Transcript

Hold the Phone: What You Should Know About Mobile Device Forensics

1111 HOLD the PHONE WHAT YOU SHOULD KNOW ABOUT MOBILE DEVICE FORENSICS 90% 58% 42% With 90% of American adults owning a cell phone, 58% owning a smartphone, and 42% owning a tablet computer, there's a growing need for guidelines when it comes to examining these devices. Digital forensic examiners have experienced a significant increase in requests to examine data from cellular phones and other mobile devices. THERE ARE UNIQUE CHALLENGES WITH MOBILE DEVICE EXAMINATION INCLUDING: A LARGE VARIETY OF MOBILE DEVICES DEVICES USE A VARIETY OF: Operating systems Services Peripherals Embedded file systems Internal, removable, and online Applications data storage The data contained within mobile devices is constantly evolving. MOBILE DEVICES OFTEN CONTAIN MORE DATA BEYOND: Call history Text messages Contacts Photos Notes Calendar entries Data storage is often intentional, but sometimes unintentional. While the amount of data mobile devices can store is relatively small compared to computers, that capacity is growing. WHY DO WE WANT AND NEED THIS DATA? Personal mobile devices are often used for business communication and vice versa. Mobile device data is often sought for intelligence purposes. MOBILE DEVICES CAN BE USED TO FACILITATE AND COMMIT CRIME These crimes include: 95% Threatening or extortion calls Sports betting Terrorist activities Some estimates say up to 95% of crime involves some use of a mobile device. Sending/receiving/ storing obscene pictures or videos Smurfing (money laundering) More and more Sometimes only specific data is necessary for an investigation. Other cases benefit court cases from a full forensic involve electronic examination and evidence. recovery of deleted data. HERE'S JUST SOME OF WHAT MOBILE DEVICES CAN STORE: A) Messaging GPS Apps - Last fixed coordinates - Search history - Routes history - Last displayed map - Favorite places - Saved maps - List of installed apps - Camera snapshots - Video clips - Voice records - Paired Bluetooth - Text messages (SMS) - Multimedia messages (MMS) · Emails · Email attachments - Date and time devices Web browser Tasks - Pages viewed history - Last opened URLS - Search history - Bookmarks - Web caches files - Task description - Deadline - Priority level - Completion date and time 10 Contact information Location tagger - First, middle, last name - Company name - Job title - Phone numbers - Addresses · Email addresses - Birthday " Speed-dial positions - Cell coordinates for camera snapshots - Cell coordinates for SMS messages - Cell coordinates for video records 10 Calendar events Notes - Meetings - Reminders - Start date & time - Note text - Date Basic information - Serial number - Hardware and Event log Incoming, outgoing, missed calls history - Sent and received messages history - WiFi sessions log software revisions - Network information WHAT ABOUT DAMAGE? If a mobile device is exposed to harsh weather, water, or fire, or damage in any other way, forensics examiners can often resurrect evidence. MOBILE FORENSICS AND THE LAW J00 If you consent to a search, the police do not need a 0110100 warrant to search your 00 mobile devices. Law in this area is continually changing. A 2014 federal appeals In 2014, the Supreme Court ruled that police cannot search cellphones of people they arrest. A 2012 case decided in the U.S. Court of Appeals for court in Atlanta ruled the 7th Circuit ruled that it that the government is legal for police to search cell phones to determine their phone numbers does not need a warrant to search cellphone tower location records. without a warrant. More intrusive searches were not discussed in the ruling. While pleading the Fifth can sometimes protect people from giving out their passcodes to law enforcement, officers can legally compel people to unlock TouchID phones. Law enforcement can legally require phone companies to turn over cloud backups if served with a valid legal request. If you refuse, they can sometimes unlock the phone by lifting your fingerprint. Law enforcement can benefit from investing time and money into: I Learning about new operating systems. 1 Developing new forensic methods. Investigations are complicated by the constant need to keep up with new hardware, operating systems, and apps. Mobile devices often act as personal diaries. Every phone call, text message, photo, and internet search can become evidence in a court of law. slideshare.net digital-forensics.sans.org bluesheepdog.com SOURCES eff.org nytimes.com media.call.uscourts.gov mashable.com ijarcce.com reuters.com investigation.com Designed by: Brought to you by: Vound Intella GHERGICH&Co. 0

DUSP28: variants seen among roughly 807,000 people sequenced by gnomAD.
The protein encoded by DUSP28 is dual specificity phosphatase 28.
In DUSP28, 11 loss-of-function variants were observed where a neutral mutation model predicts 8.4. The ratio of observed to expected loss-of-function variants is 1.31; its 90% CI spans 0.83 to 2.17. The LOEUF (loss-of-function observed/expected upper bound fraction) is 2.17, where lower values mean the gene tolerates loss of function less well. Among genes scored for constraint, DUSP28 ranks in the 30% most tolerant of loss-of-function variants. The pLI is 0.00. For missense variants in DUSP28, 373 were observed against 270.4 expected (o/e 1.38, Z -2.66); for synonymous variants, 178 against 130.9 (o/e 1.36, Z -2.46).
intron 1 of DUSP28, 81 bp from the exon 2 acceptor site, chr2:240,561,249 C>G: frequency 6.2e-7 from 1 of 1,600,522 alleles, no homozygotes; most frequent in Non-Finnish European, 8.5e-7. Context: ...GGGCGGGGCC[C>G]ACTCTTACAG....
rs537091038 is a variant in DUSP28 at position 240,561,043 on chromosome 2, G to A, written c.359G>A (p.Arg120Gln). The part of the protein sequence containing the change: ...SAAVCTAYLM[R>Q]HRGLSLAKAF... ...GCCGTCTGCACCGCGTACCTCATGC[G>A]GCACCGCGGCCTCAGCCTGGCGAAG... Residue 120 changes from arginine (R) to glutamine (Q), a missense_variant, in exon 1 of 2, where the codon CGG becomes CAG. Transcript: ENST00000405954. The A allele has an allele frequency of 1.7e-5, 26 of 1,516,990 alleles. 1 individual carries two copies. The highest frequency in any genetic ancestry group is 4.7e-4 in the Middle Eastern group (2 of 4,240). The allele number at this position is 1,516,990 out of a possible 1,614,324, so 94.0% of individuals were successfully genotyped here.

Hold the Phone: What You Should Know About Mobile Device Forensics

shared by Ghergich on Jul 06
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Estimates say up to 95% of crimes involve a mobile device. Curious about mobile device forensics? Check out this guide to find out what kind of data mobile devices store and why people want to get the...

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